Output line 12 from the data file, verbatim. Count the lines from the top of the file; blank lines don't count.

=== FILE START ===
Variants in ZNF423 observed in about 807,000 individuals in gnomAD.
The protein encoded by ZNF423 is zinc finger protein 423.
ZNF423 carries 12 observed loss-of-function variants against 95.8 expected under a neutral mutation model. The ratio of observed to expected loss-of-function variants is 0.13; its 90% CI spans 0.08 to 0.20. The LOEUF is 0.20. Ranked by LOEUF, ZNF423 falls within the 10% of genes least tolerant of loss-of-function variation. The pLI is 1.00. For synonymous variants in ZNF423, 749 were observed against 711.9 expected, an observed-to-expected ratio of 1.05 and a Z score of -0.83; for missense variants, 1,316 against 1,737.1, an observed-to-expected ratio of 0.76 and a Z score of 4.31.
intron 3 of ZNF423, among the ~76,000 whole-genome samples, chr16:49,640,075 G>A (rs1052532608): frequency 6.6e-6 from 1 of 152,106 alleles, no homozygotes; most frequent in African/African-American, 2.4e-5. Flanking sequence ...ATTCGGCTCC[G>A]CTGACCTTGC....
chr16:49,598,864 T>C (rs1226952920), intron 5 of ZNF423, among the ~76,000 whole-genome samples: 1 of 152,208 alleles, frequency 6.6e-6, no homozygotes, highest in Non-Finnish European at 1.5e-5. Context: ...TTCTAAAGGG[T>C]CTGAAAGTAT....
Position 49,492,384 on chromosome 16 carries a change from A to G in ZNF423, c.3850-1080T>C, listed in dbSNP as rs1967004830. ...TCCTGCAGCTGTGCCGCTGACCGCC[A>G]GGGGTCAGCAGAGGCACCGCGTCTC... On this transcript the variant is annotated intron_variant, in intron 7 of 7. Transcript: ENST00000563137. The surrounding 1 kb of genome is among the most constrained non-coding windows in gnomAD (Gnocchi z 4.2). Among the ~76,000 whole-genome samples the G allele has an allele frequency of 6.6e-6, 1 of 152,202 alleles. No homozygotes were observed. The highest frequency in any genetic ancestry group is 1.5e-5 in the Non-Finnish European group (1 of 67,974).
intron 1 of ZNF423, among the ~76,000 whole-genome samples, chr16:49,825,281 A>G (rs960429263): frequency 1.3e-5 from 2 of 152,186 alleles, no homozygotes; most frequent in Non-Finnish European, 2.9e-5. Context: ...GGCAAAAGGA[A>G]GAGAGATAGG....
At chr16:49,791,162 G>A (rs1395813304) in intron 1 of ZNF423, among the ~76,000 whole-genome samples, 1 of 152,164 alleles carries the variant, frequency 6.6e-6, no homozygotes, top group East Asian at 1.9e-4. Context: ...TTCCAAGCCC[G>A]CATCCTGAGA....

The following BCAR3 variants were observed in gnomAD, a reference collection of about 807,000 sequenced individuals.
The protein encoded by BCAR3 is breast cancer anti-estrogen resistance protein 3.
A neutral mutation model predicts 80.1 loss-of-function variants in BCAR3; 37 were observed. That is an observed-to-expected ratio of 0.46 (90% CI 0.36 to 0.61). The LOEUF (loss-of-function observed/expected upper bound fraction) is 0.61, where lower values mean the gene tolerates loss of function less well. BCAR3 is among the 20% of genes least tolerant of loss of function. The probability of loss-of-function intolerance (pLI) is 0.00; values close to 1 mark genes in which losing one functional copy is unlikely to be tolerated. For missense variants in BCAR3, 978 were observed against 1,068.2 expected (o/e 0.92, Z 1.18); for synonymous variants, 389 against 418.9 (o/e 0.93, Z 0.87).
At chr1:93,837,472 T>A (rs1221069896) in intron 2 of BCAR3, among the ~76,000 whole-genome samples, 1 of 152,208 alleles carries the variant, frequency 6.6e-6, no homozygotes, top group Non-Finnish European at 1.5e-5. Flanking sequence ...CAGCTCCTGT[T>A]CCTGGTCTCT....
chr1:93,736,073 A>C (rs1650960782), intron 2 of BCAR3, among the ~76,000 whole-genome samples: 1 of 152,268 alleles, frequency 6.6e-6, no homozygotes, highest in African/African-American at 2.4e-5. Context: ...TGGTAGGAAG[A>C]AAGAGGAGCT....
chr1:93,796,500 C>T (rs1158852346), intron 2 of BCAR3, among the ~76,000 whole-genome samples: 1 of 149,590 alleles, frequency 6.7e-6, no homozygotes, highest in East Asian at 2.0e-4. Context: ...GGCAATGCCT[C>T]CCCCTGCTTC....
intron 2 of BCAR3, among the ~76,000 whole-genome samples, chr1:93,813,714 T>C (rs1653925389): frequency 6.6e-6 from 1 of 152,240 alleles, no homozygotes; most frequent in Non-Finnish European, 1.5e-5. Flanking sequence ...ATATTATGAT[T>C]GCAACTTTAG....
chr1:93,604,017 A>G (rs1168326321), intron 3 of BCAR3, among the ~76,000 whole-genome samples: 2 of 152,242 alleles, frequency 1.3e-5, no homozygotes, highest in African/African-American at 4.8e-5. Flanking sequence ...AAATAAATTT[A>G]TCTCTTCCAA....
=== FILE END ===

At chr1:93,837,472 T>A (rs1221069896) in intron 2 of BCAR3, among the ~76,000 whole-genome samples, 1 of 152,208 alleles carries the variant, frequency 6.6e-6, no homozygotes, top group Non-Finnish European at 1.5e-5. Flanking sequence ...CAGCTCCTGT[T>A]CCTGGTCTCT....